Pirelli has been forced to scrap 1800 of its Formula 1 tyres after the cancellation of the Australian GP without a single lap being run – but they will have a second life as fuel for an Oxfordshire cement factory.
With the current generation of tyres and wheel rims, Pirelli always has to write off tyres that have been mounted but not been used, because of possible damage when they are taken off the rims.
At flyaway races there is no choice but to dismount them, as transporting rims by air is the responsibility of the teams.
In Europe, unused mounted tyres can be transported by road still on their rims, and then re-used at the next race.
Pirelli is used to scrapping unused tyres at the end of a flyaway weekend – often having to throw away 560 wets if there are no weather issues – but the Australian situation is unprecedented in terms of wastage.
Complete sets of 1800 unmounted tyres have already arrived via sea in both Bahrain and Vietnam.
After the postponement of the two races, they will be kept on site in case the races are rescheduled, and if the events don't take place then they can be shipped to another late season event where the same compounds are used.
"We finished mounting the tyres on Thursday afternoon, and then we had to dismount everything," Pirelli motorsport boss Mario Isola told Motorsport.com in Melbourne.
"The tyres for Bahrain and Vietnam are already there, but it's not a problem. We use sea freight for most of the tyres, and they are in thermal controlled containers. It's like having them in a warehouse, it doesn't make any difference for them. If there is any change in the calendar we can use them.
"The only problem is for tyres that are already fitted, because in that case those tyres are going to be stripped.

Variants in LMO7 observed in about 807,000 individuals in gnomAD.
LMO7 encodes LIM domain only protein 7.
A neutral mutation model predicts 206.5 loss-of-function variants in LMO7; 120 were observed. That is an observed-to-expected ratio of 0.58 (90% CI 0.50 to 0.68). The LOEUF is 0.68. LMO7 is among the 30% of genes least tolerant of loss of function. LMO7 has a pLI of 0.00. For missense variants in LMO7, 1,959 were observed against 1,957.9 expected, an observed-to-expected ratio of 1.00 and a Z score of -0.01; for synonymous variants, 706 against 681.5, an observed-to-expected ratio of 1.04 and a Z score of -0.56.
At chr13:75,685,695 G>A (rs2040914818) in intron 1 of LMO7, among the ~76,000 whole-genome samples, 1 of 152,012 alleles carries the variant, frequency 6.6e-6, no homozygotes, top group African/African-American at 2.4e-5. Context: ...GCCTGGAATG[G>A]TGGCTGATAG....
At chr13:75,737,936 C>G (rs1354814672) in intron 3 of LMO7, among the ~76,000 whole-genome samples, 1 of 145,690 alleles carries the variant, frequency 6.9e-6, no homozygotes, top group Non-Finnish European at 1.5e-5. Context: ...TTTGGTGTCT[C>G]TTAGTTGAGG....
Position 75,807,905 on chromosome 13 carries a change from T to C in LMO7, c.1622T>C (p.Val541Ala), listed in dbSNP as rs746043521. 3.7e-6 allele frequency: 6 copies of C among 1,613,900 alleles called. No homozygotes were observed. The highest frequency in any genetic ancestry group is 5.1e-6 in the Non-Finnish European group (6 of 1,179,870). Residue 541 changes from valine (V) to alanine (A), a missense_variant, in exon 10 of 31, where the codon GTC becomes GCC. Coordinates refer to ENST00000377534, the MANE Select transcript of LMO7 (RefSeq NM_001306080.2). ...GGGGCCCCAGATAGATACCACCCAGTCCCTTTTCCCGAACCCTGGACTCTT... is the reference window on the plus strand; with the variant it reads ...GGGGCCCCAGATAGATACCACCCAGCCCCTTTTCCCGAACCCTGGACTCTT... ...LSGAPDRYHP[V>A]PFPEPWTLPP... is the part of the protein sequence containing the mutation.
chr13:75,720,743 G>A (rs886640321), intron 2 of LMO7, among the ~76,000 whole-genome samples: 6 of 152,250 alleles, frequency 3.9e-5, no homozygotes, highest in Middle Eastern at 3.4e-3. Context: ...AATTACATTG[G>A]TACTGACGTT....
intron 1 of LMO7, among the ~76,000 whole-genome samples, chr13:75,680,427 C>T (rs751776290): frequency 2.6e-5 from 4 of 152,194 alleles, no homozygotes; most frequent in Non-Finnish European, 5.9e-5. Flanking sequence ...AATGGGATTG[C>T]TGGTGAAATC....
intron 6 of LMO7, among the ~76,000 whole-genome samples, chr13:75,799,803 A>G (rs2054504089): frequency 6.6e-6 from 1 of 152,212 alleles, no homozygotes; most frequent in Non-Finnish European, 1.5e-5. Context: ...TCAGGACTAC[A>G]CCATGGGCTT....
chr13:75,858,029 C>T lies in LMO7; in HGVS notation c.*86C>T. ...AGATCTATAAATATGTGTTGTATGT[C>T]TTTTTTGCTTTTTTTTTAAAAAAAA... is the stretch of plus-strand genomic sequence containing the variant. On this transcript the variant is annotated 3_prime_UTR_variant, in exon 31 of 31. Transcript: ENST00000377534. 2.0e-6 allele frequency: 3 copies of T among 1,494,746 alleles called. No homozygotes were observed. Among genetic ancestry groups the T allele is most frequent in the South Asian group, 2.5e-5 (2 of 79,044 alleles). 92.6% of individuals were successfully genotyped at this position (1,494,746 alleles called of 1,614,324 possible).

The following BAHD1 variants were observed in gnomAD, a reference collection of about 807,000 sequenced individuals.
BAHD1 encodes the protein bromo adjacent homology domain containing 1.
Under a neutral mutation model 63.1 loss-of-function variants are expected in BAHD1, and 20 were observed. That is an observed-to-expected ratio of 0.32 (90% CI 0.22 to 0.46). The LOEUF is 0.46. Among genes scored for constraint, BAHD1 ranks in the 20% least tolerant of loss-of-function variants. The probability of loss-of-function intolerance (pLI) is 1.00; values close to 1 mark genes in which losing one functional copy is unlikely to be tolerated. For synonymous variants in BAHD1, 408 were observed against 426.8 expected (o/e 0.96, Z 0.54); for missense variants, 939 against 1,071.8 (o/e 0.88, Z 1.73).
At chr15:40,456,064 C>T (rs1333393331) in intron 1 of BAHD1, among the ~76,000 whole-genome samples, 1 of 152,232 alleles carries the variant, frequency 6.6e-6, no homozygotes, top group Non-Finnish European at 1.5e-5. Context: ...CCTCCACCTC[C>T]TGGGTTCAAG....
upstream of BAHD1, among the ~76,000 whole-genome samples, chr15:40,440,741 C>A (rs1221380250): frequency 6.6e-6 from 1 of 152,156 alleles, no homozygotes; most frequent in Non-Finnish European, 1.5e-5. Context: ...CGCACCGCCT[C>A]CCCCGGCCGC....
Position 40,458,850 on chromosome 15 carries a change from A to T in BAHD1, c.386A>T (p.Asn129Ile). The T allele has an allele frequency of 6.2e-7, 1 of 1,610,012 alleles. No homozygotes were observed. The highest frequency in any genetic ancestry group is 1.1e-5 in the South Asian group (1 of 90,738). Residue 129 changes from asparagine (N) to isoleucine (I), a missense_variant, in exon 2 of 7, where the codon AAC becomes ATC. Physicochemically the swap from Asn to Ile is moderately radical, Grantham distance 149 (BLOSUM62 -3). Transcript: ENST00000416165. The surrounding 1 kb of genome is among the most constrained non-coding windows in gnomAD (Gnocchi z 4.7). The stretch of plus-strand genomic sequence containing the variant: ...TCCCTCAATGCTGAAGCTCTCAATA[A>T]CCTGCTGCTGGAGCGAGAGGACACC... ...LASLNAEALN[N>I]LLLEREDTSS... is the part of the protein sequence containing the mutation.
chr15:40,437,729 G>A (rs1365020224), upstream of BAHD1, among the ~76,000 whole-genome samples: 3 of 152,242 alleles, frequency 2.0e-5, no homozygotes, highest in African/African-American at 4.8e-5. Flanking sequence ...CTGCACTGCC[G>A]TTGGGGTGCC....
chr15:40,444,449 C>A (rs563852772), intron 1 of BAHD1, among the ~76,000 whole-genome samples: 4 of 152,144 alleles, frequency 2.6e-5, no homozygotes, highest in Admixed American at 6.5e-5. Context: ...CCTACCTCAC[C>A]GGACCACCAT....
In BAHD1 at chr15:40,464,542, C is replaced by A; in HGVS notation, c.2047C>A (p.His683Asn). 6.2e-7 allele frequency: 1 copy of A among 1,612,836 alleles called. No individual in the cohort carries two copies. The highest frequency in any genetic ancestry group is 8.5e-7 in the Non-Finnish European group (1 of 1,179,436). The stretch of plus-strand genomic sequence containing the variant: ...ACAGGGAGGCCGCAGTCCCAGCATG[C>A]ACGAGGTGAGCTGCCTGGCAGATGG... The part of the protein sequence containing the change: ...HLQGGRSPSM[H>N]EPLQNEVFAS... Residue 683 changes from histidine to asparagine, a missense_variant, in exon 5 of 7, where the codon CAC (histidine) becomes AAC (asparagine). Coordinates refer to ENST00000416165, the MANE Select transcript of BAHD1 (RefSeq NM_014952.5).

"At the moment the limitation is that when we strip a tyre from the rim, we give a stress to the bead, and then obviously we are not confident to fit the tyre again, because of the level of forces acting on these tyres is huge. So we don't want to take any risk.
"For the European events we can carry them over, because if we don't use them we keep them fitted, and we load our trucks with tyres and rims.
"In the future, and considering that we will have a sole supplier and standard design for the rims, we will try to work together in order to find a way to fit and strip tyres and re-use them. But we need to make sure that we are not taking any risk."
Used and unused tyres are returned by sea freighter to the UK, where they are disposed of as fuel.
"We crush the tyres in order to fit them in fewer containers, and send them back to the UK where we recycle them in a cement factory close to Didcot. We burn them at high temperature, and we create energy, but not pollution.
"We are investigating many possible ways for recycling F1 tyres, but at the moment this is the way we recycle them after all our analysis."
In Australia last weekend Pirelli took special precautions to avoid spreading the coronavirus.
"We organised the fitting area to minimise to contacts across people, because the point is that Pirelli is in contact with all the teams, so we need to prevent spreading the virus everywhere if there is any contact. So we were trying to manage it in a clever way in the fitting area."